[gmx-users] Protein from the line chain
s.neumann08 at gmail.com
Fri Aug 3 16:56:19 CEST 2012
On Fri, Aug 3, 2012 at 3:51 PM, Justin Lemkul <jalemkul at vt.edu> wrote:
> On 8/3/12 10:47 AM, Steven Neumann wrote:
>> On Fri, Aug 3, 2012 at 3:34 PM, Justin Lemkul <jalemkul at vt.edu> wrote:
>>> On 8/3/12 10:27 AM, Steven Neumann wrote:
>>>> Dear Gmx Users,
>>>> I want to simulate protein line chain (80 residues) in explicit
>>>> sovent. Let's assume its axis is x direction. What should be the z and
>>>> y dimension of the box? Is there any rule? Would you wait e.g. for 50
>>> The box size in all dimensions needs to be sufficient to accommodate the
>>> protein chain in a fully extended configuration aligned with any axis.
>>> can't predict how the protein will rotate, and it is possible (though
>>> probably unlikely) to rotate 90 degrees in any direction without
>>> at all. A dodecahedral box is your friend here, but a huge amount of
>>> is unavoidable.
>>>> ns when it folds and then decrease the simulation box?
>>> In doing so, you have to justify your results in the context of a
>>> discontinuous series of simulations. Implicit solvent may be a much more
>>> advantageous approach.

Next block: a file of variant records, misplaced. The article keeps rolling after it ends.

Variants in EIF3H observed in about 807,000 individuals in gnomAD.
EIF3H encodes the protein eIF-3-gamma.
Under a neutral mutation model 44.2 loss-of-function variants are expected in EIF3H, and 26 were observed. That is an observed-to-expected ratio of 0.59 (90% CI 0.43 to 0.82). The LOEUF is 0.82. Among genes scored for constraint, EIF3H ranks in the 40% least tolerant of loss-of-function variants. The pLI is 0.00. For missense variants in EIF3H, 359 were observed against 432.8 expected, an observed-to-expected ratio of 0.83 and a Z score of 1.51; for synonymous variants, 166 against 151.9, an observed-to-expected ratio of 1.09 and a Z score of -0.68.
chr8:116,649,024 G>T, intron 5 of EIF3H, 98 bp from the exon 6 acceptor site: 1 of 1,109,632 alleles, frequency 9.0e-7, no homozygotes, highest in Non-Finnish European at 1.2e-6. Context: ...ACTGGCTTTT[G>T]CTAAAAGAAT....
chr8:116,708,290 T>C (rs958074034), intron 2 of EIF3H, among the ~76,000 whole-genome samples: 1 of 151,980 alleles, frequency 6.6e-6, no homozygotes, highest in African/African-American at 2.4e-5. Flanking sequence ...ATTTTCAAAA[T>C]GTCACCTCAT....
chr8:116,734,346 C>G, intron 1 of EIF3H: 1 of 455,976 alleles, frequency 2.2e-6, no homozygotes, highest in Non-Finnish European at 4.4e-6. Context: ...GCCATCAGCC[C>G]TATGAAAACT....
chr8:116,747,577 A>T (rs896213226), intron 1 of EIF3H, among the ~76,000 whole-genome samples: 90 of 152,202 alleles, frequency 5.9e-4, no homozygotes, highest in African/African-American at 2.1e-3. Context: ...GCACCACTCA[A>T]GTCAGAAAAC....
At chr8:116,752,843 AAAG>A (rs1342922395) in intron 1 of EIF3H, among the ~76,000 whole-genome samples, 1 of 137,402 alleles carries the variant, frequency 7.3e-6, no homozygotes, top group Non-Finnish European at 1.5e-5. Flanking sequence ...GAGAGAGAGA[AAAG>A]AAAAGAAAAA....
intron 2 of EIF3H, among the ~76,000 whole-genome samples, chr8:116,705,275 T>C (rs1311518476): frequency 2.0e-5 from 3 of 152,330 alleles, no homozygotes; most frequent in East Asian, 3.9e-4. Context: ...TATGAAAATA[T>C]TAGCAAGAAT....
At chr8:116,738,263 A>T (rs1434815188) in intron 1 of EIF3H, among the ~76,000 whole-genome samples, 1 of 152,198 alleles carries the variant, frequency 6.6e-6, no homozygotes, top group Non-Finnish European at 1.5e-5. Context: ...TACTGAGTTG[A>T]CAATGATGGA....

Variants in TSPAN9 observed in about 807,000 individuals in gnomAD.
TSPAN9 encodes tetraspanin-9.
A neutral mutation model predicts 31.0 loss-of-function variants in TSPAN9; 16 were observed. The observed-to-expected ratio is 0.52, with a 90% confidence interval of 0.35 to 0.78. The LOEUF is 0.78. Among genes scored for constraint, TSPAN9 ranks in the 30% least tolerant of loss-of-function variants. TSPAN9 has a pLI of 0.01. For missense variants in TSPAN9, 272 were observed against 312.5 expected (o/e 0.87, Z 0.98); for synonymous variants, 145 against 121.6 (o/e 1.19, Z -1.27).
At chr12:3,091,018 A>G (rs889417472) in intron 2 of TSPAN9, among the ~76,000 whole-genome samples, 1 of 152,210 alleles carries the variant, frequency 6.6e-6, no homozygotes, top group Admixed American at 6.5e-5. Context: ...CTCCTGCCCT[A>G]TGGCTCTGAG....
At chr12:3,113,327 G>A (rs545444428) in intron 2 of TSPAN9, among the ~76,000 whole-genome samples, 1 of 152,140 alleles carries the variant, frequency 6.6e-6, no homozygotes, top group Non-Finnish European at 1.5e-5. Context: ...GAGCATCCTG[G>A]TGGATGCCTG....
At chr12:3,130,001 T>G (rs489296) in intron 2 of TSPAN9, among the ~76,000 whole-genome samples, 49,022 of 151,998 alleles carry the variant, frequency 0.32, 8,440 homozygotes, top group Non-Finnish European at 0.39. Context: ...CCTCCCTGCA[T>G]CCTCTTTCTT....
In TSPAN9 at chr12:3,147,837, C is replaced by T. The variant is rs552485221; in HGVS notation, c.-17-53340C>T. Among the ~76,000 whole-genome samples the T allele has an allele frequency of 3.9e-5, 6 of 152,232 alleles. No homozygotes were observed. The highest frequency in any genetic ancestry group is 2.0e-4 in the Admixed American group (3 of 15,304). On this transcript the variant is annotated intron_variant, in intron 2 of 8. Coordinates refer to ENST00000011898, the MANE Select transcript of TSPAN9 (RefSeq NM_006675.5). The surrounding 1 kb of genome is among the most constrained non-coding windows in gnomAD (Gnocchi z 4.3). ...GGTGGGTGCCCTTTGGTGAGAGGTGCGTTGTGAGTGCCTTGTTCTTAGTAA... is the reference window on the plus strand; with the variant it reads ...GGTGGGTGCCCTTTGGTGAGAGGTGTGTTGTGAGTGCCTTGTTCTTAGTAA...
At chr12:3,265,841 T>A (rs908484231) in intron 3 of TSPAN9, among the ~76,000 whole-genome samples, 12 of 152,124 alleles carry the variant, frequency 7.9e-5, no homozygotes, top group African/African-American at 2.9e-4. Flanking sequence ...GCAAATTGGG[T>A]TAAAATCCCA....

>> Thank you. What do you mean by discontinuous series of simulations? I
>> have to use explicit solvent unfortunately. Once it folds in a huge
>> box I can stop it and place it into the smaller one.
> Precisely - you run one simulation, obtain a configuration (is it
> representative of the first part of the simulation? randomly chosen?) and
> re-solvate it such that hydration is disrupted unless you take care to
> extract a solvation shell around the protein. Even then, you can't preserve
> the previous state with respect to thermodynamic observables so it's
> basically a new simulation from some arbitrarily chosen configuration. If
> you're studying protein folding, that can seem a bit fishy. In principle,
> there's nothing immediately wrong with doing this, but always be prepared to
> justify your approach. There are a lot of very tricky questions a reviewer
> can ask if care is not taken.
Thank you Justin for the clear explanation.
> Justin A. Lemkul, Ph.D.
> Research Scientist
> Department of Biochemistry
> Virginia Tech
> Blacksburg, VA
> jalemkul[at]vt.edu | (540) 231-9080
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